With the world mired in the darkest political times in recent memory, artists like Amanda Palmer are resolved to ignite the flame of activism and awareness, one song at a time.
Two life-altering events occurred for the enigmatic punk-cabaret icon in 2016: the birth of her first child and the US election of Donald Trump. Palmer will end this year of maternal joy and political horror with an Australian tour of her show ‘An Evening With Amanda Palmer’, gracing the stage at a bucket list-worthy array of venues and festivals including the Adelaide Fringe, the Woodford Folk Festival and the Sydney Opera House.
Australia has supported Palmer during every stage of her career: firstly as an unknown street performer, then with the Dresden Dolls, and now as a best-selling author and solo performer of global renown. Palmer has long pondered her affinity for Australia and the warm embrace that the nation has always given her. “As soon as the Dresden Dolls starting touring down there in 2005 it felt like a safe haven and a home and that was probably due in no small part because people embraced the Dresden Dolls immediately.
"We didn’t have to do too much hard work to get our message across; our freak family flocked to our doors. From what I’ve seen, Australia doesn’t seem to mind powerful women who speak their mind and I unfortunately am one of those.”
Palmer has never let her music do the talking, making the most of all the tools made available during the social media revolution to engage with her devoted fans, giving them an insight into her reality. “Every artist is a holistic entity; if you don’t know [an artist] personally, that doesn’t mean there isn’t this tempest storming behind the songs that you see and the lyrics that they write.
“Every single artist is this bizarre, complicated creature and then we have various levels of intimacy with our audiences and intimacy with the media and the things that we share and the things that we keep to ourselves.
“I’ve found that as I’ve gotten older, the more walls that I’ve knocked down because you can’t separate your art from what you do all day; you can’t separate your art from your marriage, from your child, from the politics in your country and if you’re able to do that, hurray for you because I find it fucking impossible.
“With things in America getting as dark as they are, I actually think that if you are tuning into an artist and they are not at all political, they’re kind of not doing their job; to pretend your artistic output is divorced from the environment that you’re living in now means that you can compartmentalise to the point that it’s almost schizophrenic.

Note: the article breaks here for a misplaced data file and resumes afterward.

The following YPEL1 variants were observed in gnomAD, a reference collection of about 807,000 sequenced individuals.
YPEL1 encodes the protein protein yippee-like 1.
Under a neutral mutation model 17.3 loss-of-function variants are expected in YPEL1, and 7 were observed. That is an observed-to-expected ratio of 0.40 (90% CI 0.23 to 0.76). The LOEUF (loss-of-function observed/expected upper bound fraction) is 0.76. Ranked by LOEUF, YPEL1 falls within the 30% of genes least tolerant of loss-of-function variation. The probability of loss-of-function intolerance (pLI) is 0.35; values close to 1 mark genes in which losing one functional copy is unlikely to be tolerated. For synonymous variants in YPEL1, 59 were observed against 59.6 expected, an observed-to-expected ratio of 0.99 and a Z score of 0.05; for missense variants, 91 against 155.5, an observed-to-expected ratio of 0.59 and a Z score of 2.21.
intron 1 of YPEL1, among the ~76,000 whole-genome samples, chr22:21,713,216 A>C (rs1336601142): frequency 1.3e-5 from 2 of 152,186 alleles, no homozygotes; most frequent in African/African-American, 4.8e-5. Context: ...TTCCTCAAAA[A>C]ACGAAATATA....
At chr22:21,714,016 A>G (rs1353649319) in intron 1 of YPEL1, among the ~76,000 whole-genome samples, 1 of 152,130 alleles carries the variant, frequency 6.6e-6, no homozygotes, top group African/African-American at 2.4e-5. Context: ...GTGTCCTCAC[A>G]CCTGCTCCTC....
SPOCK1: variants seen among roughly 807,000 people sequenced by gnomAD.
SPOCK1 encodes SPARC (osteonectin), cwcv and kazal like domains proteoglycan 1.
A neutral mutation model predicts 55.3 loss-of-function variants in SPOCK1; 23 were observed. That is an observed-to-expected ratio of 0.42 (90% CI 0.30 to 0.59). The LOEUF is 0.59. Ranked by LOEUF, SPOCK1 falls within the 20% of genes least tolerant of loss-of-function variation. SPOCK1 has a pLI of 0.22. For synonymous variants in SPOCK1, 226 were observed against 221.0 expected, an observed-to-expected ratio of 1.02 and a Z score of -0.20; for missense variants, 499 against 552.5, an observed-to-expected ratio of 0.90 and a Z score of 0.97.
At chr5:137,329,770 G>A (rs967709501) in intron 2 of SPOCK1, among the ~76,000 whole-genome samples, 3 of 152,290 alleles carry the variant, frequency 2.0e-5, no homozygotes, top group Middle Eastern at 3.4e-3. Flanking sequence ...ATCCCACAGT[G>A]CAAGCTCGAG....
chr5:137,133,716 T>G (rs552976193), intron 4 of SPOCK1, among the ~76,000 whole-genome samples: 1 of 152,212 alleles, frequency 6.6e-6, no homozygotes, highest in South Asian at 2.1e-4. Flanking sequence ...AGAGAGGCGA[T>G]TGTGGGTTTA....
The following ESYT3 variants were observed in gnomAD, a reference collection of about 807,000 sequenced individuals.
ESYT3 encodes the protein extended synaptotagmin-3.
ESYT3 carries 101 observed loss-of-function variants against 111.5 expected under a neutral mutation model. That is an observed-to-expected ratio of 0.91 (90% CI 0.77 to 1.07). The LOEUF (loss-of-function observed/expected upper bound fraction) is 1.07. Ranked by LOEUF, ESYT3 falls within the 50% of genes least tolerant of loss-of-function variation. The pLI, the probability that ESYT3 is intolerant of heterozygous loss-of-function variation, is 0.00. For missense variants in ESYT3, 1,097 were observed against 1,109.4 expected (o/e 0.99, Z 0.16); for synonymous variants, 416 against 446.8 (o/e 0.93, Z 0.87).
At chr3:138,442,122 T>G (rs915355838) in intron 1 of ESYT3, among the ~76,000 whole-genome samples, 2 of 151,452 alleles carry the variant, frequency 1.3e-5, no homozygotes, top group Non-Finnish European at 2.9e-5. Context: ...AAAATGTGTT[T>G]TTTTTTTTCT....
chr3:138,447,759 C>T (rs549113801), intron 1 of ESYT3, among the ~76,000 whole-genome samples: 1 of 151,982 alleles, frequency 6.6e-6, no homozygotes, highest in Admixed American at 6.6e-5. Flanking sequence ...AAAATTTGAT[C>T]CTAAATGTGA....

“Even if I write a song right now about daffodils and unicorns and sunshine, it’s still a political act because you will not be able to divorce the words that I’m writing from the world that I am living in and I think we should celebrate that; the fact that art doesn’t exist in a vacuum because if it did, it wouldn’t be very useful.”
‘An Evening With Amanda Palmer’ epitomises her belief that it is an artist’s responsibility to respond to the moment they are living in; what you see on the night will likely be informed by the past week’s events rather than a slavishly scripted and rehearsed encapsulation of times long passed. “I will be playing whatever seems to make sense the second I hit the stage which is what I just did with this last tour of Europe and the States.
“I had this whole list of solo material and old Dresden Dolls and new stuff that I’ve written with Jason Webley and half of it went out the fucking window because I wound up playing Leonard Cohen songs and doing spoken-word pieces about the election.
“It’s one of the delicious things about being a solo performer; I can get to a soundcheck early, learn four new things and then never play them again.”
With her career, Palmer has demonstrated an uncanny knack of delivering the lyrics of others with the same intensity as she does those scribbled by her own pen. In 2010, she tackled Radiohead armed solely with a ukulele; this year, backed by a string quartet, she released an EP paying tribute to David Bowie.
Self-awareness of your identity as an artist and your authentic voice is the key to her success in this realm. “I think the most important thing about doing cover songs is that you are familiar enough with your own voice that you know how to listen to someone else’s story and then re-tell it using your own voice instead of imitating someone else.
“You take the skeleton and the anatomy and the soul of the original song and you put a new costume on it.”
Palmer will spend approximately three months touring our vast land, babe in arms; politicians and misogynists be warned, music fans rejoice.
Amanda Palmer Shows
30-31 December - Woodford Folk Festival (Sunshine Coast)Thu 12 Jan - The Gasometer (Melbourne)Sun 15 Jan - The Astor Theatre (Melbourne)Thu 19 Jan - The Gasometer (Melbourne)Sat 21 Jan - Sydney Opera House3-4 Feb - MELT Festival @ Brisbane Powerhouse10-11 Feb - Museum of Old and New Art (Hobart)Wed 15 Feb - The Gasometer (Melbourne)Wed 22 Feb - The Gasometer (Melbourne)24-25 Feb - Her Majesty's Theatre (Adelaide)Thu 2 Mar - The Gasometer (Melbourne)Sat 4 Mar - Playhouse Theatre (Canberra)Thu 9 Mar - The Gasometer (Melbourne)Fri 10 Mar - National Gallery Of VictoriaSat 11 Mar - Tanks Arts Centre (Cairns)